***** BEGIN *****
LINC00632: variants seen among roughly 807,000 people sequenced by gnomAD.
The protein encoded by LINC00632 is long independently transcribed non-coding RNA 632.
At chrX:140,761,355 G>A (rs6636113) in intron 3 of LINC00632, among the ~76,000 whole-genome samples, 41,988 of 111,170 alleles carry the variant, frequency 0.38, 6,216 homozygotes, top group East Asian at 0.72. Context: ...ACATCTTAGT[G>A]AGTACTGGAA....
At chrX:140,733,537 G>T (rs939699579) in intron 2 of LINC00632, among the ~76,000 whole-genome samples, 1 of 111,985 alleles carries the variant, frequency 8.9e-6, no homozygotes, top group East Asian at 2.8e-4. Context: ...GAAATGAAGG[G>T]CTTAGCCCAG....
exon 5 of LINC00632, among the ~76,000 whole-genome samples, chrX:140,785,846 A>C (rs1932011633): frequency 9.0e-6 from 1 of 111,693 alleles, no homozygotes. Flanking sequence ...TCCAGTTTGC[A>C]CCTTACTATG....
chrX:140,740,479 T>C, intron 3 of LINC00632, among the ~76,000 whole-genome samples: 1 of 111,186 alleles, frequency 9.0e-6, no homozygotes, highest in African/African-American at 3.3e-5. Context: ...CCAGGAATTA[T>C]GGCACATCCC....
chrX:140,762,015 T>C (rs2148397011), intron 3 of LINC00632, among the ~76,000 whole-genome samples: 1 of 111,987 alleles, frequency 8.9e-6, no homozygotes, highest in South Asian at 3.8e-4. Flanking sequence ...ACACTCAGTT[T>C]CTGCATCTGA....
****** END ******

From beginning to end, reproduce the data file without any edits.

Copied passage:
LINC00632: variants seen among roughly 807,000 people sequenced by gnomAD.
The protein encoded by LINC00632 is long independently transcribed non-coding RNA 632.
At chrX:140,761,355 G>A (rs6636113) in intron 3 of LINC00632, among the ~76,000 whole-genome samples, 41,988 of 111,170 alleles carry the variant, frequency 0.38, 6,216 homozygotes, top group East Asian at 0.72. Context: ...ACATCTTAGT[G>A]AGTACTGGAA....
At chrX:140,733,537 G>T (rs939699579) in intron 2 of LINC00632, among the ~76,000 whole-genome samples, 1 of 111,985 alleles carries the variant, frequency 8.9e-6, no homozygotes, top group East Asian at 2.8e-4. Context: ...GAAATGAAGG[G>T]CTTAGCCCAG....
exon 5 of LINC00632, among the ~76,000 whole-genome samples, chrX:140,785,846 A>C (rs1932011633): frequency 9.0e-6 from 1 of 111,693 alleles, no homozygotes. Flanking sequence ...TCCAGTTTGC[A>C]CCTTACTATG....
chrX:140,740,479 T>C, intron 3 of LINC00632, among the ~76,000 whole-genome samples: 1 of 111,186 alleles, frequency 9.0e-6, no homozygotes, highest in African/African-American at 3.3e-5. Context: ...CCAGGAATTA[T>C]GGCACATCCC....
chrX:140,762,015 T>C (rs2148397011), intron 3 of LINC00632, among the ~76,000 whole-genome samples: 1 of 111,987 alleles, frequency 8.9e-6, no homozygotes, highest in South Asian at 3.8e-4. Flanking sequence ...ACACTCAGTT[T>C]CTGCATCTGA....